Atlanta-Based Attorney at Law

Harmon Caldwell

“My goal in every case is to obtain the best possible result for the client.”

Harmon Caldwell has practiced divorce and family law in Atlanta for 41 years. He has been repeatedly recognized as one of the best trial lawyers in Georgia. He has handled over a thousand contested divorce cases, he has tried over a hundred and fifty jury cases in communities throughout the state, and he has been involved in more than 70 cases in the Georgia appellate courts.

Is Mediation A Good Course of Action During Divorce?

Posted on July 21, 2015

In almost every divorce, a court will order the parties to attend meditation at some point. This is always a good thing, and as in every step of the divorce process, it’s helpful to understand the pros and cons of the process to protect your assets.

What Goes On During Mediation?

During mediation, both parties and their attorneys will meet with a third party mediator in an effort to come to a resolution to avoid going to trial. The mediator:

  • may be court appointed,
  • may or may not be a lawyer, or
  • may be a private mediator paid for by both parties

What’s the Reasoning Behind Mediation?

The end goal is for the mediator to bring both parties to a resolution. The mediator will try to make both parties uncomfortable about what will happen if they try the case. The mediator will point out weak points and talk about the uncertainty of a trial. The reasoning behind mediation is that if both sides are uncomfortable with an unknown outcome, they will move toward the center and strike a deal.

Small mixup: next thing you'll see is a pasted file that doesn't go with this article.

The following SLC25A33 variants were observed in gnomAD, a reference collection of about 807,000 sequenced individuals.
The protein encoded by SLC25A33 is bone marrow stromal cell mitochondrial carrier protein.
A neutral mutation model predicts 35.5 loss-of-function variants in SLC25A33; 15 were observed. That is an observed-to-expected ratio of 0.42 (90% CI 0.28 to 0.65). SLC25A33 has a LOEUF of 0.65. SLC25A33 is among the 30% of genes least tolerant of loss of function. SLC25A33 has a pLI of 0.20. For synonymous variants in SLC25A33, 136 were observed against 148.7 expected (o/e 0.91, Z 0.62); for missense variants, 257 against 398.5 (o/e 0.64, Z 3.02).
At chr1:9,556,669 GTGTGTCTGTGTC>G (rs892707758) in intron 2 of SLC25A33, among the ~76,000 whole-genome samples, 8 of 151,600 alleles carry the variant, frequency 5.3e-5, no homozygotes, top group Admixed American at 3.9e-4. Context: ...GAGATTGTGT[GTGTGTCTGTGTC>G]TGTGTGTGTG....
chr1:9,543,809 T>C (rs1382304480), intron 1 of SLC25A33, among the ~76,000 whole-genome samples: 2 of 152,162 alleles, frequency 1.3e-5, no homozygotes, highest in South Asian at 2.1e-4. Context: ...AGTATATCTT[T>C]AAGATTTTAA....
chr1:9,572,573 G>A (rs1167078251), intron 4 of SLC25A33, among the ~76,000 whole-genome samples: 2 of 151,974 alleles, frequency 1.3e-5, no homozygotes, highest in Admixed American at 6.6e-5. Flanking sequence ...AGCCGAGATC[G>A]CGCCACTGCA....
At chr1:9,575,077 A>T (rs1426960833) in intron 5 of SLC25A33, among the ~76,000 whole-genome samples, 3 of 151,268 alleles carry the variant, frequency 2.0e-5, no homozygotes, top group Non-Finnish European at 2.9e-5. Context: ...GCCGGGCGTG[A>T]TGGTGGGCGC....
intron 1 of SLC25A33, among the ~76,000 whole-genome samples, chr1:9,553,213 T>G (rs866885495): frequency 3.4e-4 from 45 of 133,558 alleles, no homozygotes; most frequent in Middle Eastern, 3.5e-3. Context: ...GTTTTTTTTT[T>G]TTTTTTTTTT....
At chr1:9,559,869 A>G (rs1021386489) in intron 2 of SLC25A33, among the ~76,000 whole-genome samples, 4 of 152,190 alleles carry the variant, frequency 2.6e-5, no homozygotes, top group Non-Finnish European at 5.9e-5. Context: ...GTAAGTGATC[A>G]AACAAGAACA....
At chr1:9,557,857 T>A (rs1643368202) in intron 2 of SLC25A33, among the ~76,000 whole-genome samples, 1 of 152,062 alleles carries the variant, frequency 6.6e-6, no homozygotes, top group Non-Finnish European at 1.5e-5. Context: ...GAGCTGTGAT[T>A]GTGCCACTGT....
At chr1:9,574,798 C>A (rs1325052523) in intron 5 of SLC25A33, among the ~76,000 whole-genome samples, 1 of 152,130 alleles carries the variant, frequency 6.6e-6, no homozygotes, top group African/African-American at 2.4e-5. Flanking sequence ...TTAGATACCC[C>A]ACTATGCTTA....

What are the Cons of Mediation?

There are none. Nothing said during mediation is recorded, as any information gathered here cannot be used as evidence. However, to be effective, both lawyers and parties need to be aggressive. If one party is timid and the other is more assertive, the outcome of mediation could be skewed in favor of one party.

What are the Pros of Mediation?

It is less expensive than going to court if you settle. You can leave the session at any time if you’re unsatisfied with the trajectory. However, you may find yourself settling the case and never have to go to court. A large percentage of divorce cases are actually settled during mediation. Even if you don’t settle, you’ll have a better grasp of the other side’s wants and you’ll be better prepared for court.

From an emotional standpoint, mediation can help promote a healthier settlement that can even foster a future, civil relationship between the two parties.

The majority of the time, mediation is a necessary, helpful step in the divorce process. Even before it is court ordered, many lawyers will recommend attending mediation after the discovery step, where each lawyer finds out the other’s position on issues. At the end of the day, the mediation process can bring you closer to finalizing the divorce and moving on with your new beginning.